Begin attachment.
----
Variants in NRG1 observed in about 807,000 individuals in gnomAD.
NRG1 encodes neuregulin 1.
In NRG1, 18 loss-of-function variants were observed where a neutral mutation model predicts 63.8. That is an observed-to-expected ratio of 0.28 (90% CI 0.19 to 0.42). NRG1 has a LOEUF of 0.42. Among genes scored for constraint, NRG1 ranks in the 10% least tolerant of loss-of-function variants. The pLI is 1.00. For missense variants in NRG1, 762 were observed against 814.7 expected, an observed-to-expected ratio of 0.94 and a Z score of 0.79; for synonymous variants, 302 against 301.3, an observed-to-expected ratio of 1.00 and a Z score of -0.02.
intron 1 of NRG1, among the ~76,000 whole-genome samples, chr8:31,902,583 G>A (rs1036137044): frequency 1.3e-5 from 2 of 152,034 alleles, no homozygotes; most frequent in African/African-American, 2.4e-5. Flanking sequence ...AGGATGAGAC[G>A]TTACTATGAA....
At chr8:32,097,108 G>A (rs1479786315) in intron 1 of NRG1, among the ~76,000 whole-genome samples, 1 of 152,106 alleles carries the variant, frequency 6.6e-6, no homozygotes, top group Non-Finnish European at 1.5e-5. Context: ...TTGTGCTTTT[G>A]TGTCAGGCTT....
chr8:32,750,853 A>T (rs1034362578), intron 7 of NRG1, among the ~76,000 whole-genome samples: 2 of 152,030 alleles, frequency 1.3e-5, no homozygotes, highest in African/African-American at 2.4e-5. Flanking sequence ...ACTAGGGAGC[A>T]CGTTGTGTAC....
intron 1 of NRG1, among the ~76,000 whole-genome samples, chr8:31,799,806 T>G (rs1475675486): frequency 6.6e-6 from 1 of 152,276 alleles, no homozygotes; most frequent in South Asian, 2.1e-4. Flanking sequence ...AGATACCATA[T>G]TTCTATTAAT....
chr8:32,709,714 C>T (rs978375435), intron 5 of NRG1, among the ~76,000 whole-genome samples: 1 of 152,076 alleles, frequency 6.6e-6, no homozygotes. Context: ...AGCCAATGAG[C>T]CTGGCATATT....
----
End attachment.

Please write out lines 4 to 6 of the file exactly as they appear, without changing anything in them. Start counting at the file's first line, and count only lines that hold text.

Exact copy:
intron 1 of NRG1, among the ~76,000 whole-genome samples, chr8:31,902,583 G>A (rs1036137044): frequency 1.3e-5 from 2 of 152,034 alleles, no homozygotes; most frequent in African/African-American, 2.4e-5. Flanking sequence ...AGGATGAGAC[G>A]TTACTATGAA....
At chr8:32,097,108 G>A (rs1479786315) in intron 1 of NRG1, among the ~76,000 whole-genome samples, 1 of 152,106 alleles carries the variant, frequency 6.6e-6, no homozygotes, top group Non-Finnish European at 1.5e-5. Context: ...TTGTGCTTTT[G>A]TGTCAGGCTT....
chr8:32,750,853 A>T (rs1034362578), intron 7 of NRG1, among the ~76,000 whole-genome samples: 2 of 152,030 alleles, frequency 1.3e-5, no homozygotes, highest in African/African-American at 2.4e-5. Flanking sequence ...ACTAGGGAGC[A>T]CGTTGTGTAC....